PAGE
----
On September 12th, 1846, a studious man of 33 married a woman in delicate health six years his senior at St Marylebone Parish Church. The wedding was secret, as her father had forbidden her (or any of his twelve children) ever to marry; afterwards she returned to the family home alone and lived there for a week while arrangements were made before eloping to Italy with her new husband. Her father never spoke to her again and the many letters she wrote to him were returned unopened.
During this time Elizabeth wrote her 'Sonnets from the Portuguese' ('Portuguese' was his pet name for her) which trace the joy and doubts of their courtship, although Robert Browning had to convince her to make them public. They include probably her best-known poem, 'How Do I Love Thee?':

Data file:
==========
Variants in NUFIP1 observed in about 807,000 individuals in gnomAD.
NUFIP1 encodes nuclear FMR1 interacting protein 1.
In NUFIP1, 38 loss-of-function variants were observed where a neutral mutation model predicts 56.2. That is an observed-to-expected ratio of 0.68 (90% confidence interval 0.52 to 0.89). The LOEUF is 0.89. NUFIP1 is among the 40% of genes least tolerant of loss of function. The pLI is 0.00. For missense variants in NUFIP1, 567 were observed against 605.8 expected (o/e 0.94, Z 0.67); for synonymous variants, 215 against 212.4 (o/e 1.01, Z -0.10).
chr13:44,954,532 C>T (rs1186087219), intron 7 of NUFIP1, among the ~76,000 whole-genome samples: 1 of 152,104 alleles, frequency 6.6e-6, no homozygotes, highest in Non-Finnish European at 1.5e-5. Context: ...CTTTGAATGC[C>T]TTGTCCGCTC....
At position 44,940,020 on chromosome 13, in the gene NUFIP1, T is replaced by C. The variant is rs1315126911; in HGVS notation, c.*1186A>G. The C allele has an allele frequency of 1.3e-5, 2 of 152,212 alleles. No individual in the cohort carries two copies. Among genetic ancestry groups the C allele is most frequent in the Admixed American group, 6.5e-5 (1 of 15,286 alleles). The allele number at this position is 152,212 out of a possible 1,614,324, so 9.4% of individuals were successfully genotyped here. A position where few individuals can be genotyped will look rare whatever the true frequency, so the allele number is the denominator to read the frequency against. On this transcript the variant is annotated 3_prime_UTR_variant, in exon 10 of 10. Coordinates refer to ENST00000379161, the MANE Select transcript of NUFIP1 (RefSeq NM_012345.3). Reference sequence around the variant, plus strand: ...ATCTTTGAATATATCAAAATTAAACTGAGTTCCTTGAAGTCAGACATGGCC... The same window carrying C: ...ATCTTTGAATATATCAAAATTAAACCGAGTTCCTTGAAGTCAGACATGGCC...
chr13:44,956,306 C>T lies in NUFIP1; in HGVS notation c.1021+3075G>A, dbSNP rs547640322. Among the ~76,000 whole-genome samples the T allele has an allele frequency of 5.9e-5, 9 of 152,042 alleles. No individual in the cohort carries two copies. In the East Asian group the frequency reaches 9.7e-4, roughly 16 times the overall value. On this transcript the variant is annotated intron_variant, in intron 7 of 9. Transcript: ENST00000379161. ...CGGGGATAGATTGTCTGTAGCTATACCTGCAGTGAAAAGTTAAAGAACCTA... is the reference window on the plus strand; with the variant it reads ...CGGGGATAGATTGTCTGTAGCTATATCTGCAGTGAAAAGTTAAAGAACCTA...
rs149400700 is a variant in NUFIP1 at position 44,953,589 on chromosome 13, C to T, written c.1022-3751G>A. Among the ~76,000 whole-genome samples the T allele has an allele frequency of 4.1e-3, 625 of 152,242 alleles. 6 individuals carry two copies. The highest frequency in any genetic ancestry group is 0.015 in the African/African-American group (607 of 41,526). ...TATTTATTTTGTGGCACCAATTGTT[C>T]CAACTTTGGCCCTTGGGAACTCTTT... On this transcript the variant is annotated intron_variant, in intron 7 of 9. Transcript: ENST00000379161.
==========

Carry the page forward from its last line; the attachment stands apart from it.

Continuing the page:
I love thee to the depth and breadth and height
My soul can reach, when feeling out of sight
For the ends of being and ideal grace.
I love thee to the level of every day's
Most quiet need, by sun and candle-light.
I love thee freely, as men strive for right.
I love thee purely, as they turn from praise.
I love thee with the passion put to use
In my old griefs, and with my childhood's faith.
I love thee with a love I seemed to lose
With my lost saints. I love thee with the breath,
Smiles, tears of all my life; and, if God choose,
I shall but love thee better after death.'
Yours, missing the romance of old-fashioned letters,
Girl About Town xx